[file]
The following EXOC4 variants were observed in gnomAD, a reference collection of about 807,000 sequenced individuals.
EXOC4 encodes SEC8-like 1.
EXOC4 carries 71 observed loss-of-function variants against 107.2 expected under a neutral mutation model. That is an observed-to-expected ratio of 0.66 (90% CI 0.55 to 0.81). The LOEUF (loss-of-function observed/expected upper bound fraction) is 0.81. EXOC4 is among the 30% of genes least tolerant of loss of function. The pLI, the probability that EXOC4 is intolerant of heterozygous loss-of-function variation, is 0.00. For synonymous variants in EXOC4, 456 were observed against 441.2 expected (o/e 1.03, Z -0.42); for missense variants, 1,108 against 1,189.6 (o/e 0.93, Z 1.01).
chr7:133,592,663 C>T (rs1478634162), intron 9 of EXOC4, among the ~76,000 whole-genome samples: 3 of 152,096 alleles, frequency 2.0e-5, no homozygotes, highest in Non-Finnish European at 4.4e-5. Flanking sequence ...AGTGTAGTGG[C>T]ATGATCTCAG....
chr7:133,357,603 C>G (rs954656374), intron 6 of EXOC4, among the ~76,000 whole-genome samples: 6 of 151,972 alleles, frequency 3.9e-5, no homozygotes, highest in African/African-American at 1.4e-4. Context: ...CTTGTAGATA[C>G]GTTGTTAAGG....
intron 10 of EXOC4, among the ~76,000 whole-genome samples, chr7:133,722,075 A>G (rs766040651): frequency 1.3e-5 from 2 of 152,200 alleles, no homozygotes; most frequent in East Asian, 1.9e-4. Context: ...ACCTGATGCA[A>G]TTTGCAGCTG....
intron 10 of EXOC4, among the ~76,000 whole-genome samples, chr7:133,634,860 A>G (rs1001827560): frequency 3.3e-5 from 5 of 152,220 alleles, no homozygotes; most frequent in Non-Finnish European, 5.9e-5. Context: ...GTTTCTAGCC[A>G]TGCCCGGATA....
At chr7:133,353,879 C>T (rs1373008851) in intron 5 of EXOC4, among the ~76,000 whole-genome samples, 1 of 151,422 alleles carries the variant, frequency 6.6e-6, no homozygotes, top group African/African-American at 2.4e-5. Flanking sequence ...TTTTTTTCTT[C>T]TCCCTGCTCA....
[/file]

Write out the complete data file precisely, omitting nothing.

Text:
The following EXOC4 variants were observed in gnomAD, a reference collection of about 807,000 sequenced individuals.
EXOC4 encodes SEC8-like 1.
EXOC4 carries 71 observed loss-of-function variants against 107.2 expected under a neutral mutation model. That is an observed-to-expected ratio of 0.66 (90% CI 0.55 to 0.81). The LOEUF (loss-of-function observed/expected upper bound fraction) is 0.81. EXOC4 is among the 30% of genes least tolerant of loss of function. The pLI, the probability that EXOC4 is intolerant of heterozygous loss-of-function variation, is 0.00. For synonymous variants in EXOC4, 456 were observed against 441.2 expected (o/e 1.03, Z -0.42); for missense variants, 1,108 against 1,189.6 (o/e 0.93, Z 1.01).
chr7:133,592,663 C>T (rs1478634162), intron 9 of EXOC4, among the ~76,000 whole-genome samples: 3 of 152,096 alleles, frequency 2.0e-5, no homozygotes, highest in Non-Finnish European at 4.4e-5. Flanking sequence ...AGTGTAGTGG[C>T]ATGATCTCAG....
chr7:133,357,603 C>G (rs954656374), intron 6 of EXOC4, among the ~76,000 whole-genome samples: 6 of 151,972 alleles, frequency 3.9e-5, no homozygotes, highest in African/African-American at 1.4e-4. Context: ...CTTGTAGATA[C>G]GTTGTTAAGG....
intron 10 of EXOC4, among the ~76,000 whole-genome samples, chr7:133,722,075 A>G (rs766040651): frequency 1.3e-5 from 2 of 152,200 alleles, no homozygotes; most frequent in East Asian, 1.9e-4. Context: ...ACCTGATGCA[A>G]TTTGCAGCTG....
intron 10 of EXOC4, among the ~76,000 whole-genome samples, chr7:133,634,860 A>G (rs1001827560): frequency 3.3e-5 from 5 of 152,220 alleles, no homozygotes; most frequent in Non-Finnish European, 5.9e-5. Context: ...GTTTCTAGCC[A>G]TGCCCGGATA....
At chr7:133,353,879 C>T (rs1373008851) in intron 5 of EXOC4, among the ~76,000 whole-genome samples, 1 of 151,422 alleles carries the variant, frequency 6.6e-6, no homozygotes, top group African/African-American at 2.4e-5. Flanking sequence ...TTTTTTTCTT[C>T]TCCCTGCTCA....